Putting Pilot-Stage Clean Energy Technologies On A Commercialization Fast Track

It may seem dramatic, but “Valleys of Death” are hindering the United States’ progress in technology development, crucial for achieving this decade’s energy security and innovation goals. As emerging clean energy technologies advance from initial concept to commercialization, they face obstacles that can be fatal for young startups. These “Valleys of Death” are gaps in funding and support that the Department of Energy (DOE) has yet to effectively address—particularly for projects needing less than $25 million.
According to the Federation of American Scientists, the International Energy Agency (IEA) estimates that to reach net-zero emissions by 2050, almost 35% of CO2 emissions to avoid require technologies that are not yet past the demonstration stage. It’s important to note that this share is even higher in harder-to-decarbonize sectors like long-haul transportation and heavy industry. To reach this metric, a massive effort within the next ten years is needed for these technologies to reach readiness for deployment in a timely manner.Although programs exist within DOE to address different barriers to innovation, they are largely constrained to specific types of technologies and limited in the type of support they can provide. This has led to a discontinuous support system with gaps that leave technologies stranded as they wait in the “valleys of death” limbo. A “Fast Track” program at DOE – supported by the CHIPS and Science-authorized Foundation for Energy Security and Innovation (FESI) – would remove obstacles for rapidly-growing startups that are hindered by traditional government processes. FESI is uniquely positioned to be a valuable tool for DOE and its allies as they seek to fill the gaps in the technology innovation pipeline.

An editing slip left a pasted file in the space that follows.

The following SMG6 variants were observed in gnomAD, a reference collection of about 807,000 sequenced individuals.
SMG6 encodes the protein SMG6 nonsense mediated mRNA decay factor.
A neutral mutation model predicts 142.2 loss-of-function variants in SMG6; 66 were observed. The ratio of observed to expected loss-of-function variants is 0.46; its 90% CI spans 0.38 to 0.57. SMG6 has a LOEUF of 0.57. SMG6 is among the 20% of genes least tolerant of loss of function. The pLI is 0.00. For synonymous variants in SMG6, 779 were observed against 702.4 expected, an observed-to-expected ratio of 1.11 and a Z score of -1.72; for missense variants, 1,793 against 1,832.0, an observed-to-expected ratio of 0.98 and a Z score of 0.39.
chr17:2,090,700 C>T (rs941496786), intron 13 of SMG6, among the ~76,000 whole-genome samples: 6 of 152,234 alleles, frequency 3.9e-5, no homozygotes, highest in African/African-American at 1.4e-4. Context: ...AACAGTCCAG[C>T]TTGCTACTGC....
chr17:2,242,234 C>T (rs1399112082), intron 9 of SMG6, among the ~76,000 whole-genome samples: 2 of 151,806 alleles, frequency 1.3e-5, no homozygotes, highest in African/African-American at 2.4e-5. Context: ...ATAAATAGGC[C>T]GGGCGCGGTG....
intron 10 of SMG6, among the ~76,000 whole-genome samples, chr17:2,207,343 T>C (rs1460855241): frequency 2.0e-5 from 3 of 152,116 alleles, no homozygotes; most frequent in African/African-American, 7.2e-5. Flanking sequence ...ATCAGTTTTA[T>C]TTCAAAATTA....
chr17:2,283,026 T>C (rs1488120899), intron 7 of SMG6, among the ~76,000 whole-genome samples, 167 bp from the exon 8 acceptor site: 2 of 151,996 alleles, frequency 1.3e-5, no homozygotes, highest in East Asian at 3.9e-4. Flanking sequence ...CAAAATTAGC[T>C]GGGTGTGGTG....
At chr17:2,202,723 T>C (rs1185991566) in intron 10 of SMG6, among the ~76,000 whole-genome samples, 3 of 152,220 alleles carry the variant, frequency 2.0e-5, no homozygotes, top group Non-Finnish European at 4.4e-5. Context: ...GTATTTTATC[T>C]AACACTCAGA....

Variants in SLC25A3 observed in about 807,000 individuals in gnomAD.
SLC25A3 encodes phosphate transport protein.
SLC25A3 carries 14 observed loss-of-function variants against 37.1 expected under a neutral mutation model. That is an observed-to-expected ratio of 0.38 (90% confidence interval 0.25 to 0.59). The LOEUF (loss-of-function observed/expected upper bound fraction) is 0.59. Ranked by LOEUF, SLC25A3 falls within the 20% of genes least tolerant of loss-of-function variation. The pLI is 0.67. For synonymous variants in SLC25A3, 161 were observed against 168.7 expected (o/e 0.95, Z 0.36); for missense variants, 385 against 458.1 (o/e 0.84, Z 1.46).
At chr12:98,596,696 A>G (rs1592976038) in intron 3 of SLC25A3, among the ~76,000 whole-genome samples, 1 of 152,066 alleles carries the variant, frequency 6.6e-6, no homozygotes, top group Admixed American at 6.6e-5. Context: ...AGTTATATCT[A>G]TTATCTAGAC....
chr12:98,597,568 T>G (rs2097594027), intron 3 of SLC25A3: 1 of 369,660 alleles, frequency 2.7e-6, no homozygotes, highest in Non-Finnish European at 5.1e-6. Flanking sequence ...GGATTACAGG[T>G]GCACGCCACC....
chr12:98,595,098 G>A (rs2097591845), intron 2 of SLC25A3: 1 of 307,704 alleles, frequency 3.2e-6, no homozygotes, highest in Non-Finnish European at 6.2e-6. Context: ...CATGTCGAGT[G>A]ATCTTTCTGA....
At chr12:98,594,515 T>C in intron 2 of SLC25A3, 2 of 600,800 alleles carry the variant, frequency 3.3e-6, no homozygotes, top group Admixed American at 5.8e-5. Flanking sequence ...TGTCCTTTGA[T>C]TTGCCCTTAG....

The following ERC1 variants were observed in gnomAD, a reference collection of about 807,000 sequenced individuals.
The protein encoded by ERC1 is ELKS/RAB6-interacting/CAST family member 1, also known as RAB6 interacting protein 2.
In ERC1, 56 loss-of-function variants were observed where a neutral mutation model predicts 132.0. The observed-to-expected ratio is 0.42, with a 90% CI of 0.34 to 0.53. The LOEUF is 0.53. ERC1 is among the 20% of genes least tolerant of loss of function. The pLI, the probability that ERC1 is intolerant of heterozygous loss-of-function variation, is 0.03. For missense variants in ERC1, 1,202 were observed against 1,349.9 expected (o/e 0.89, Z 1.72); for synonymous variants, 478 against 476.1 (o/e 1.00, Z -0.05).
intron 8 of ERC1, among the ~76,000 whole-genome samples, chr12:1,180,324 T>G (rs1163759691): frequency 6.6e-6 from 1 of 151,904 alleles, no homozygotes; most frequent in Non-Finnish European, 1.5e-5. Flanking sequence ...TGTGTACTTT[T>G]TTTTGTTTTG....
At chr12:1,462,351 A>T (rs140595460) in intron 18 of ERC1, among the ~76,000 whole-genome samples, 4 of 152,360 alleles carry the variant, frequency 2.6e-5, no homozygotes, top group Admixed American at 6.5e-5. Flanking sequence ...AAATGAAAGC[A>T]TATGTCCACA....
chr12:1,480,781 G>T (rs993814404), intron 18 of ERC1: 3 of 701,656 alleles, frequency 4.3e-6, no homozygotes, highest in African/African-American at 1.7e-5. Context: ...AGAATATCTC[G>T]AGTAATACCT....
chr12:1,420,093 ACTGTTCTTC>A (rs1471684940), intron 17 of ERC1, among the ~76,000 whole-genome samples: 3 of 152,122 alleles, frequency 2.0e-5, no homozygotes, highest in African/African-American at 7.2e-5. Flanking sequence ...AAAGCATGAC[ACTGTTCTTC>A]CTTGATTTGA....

Read More

Discover more from American Infrastructure

Subscribe now to keep reading and get access to the full archive.

Continue reading